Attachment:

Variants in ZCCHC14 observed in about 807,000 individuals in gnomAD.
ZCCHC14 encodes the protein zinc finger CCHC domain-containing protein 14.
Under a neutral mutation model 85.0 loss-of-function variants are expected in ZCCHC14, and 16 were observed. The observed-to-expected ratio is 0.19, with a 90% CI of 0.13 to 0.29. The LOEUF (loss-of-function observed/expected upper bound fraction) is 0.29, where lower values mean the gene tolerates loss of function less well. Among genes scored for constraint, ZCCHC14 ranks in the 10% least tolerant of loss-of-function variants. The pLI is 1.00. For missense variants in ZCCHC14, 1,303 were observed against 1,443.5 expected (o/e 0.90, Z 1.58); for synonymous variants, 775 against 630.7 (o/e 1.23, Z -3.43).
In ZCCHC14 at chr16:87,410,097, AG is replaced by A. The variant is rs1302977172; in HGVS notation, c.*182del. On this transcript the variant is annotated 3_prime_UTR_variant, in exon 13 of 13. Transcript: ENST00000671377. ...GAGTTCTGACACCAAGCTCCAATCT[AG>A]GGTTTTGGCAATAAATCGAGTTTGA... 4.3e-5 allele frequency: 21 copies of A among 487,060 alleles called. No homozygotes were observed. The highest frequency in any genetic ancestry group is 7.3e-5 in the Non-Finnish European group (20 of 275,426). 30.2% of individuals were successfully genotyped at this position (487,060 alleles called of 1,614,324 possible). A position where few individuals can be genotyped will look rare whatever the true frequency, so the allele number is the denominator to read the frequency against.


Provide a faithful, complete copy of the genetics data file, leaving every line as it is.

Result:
Variants in ZCCHC14 observed in about 807,000 individuals in gnomAD.
ZCCHC14 encodes the protein zinc finger CCHC domain-containing protein 14.
Under a neutral mutation model 85.0 loss-of-function variants are expected in ZCCHC14, and 16 were observed. The observed-to-expected ratio is 0.19, with a 90% CI of 0.13 to 0.29. The LOEUF (loss-of-function observed/expected upper bound fraction) is 0.29, where lower values mean the gene tolerates loss of function less well. Among genes scored for constraint, ZCCHC14 ranks in the 10% least tolerant of loss-of-function variants. The pLI is 1.00. For missense variants in ZCCHC14, 1,303 were observed against 1,443.5 expected (o/e 0.90, Z 1.58); for synonymous variants, 775 against 630.7 (o/e 1.23, Z -3.43).
In ZCCHC14 at chr16:87,410,097, AG is replaced by A. The variant is rs1302977172; in HGVS notation, c.*182del. On this transcript the variant is annotated 3_prime_UTR_variant, in exon 13 of 13. Transcript: ENST00000671377. ...GAGTTCTGACACCAAGCTCCAATCT[AG>A]GGTTTTGGCAATAAATCGAGTTTGA... 4.3e-5 allele frequency: 21 copies of A among 487,060 alleles called. No homozygotes were observed. The highest frequency in any genetic ancestry group is 7.3e-5 in the Non-Finnish European group (20 of 275,426). 30.2% of individuals were successfully genotyped at this position (487,060 alleles called of 1,614,324 possible). A position where few individuals can be genotyped will look rare whatever the true frequency, so the allele number is the denominator to read the frequency against.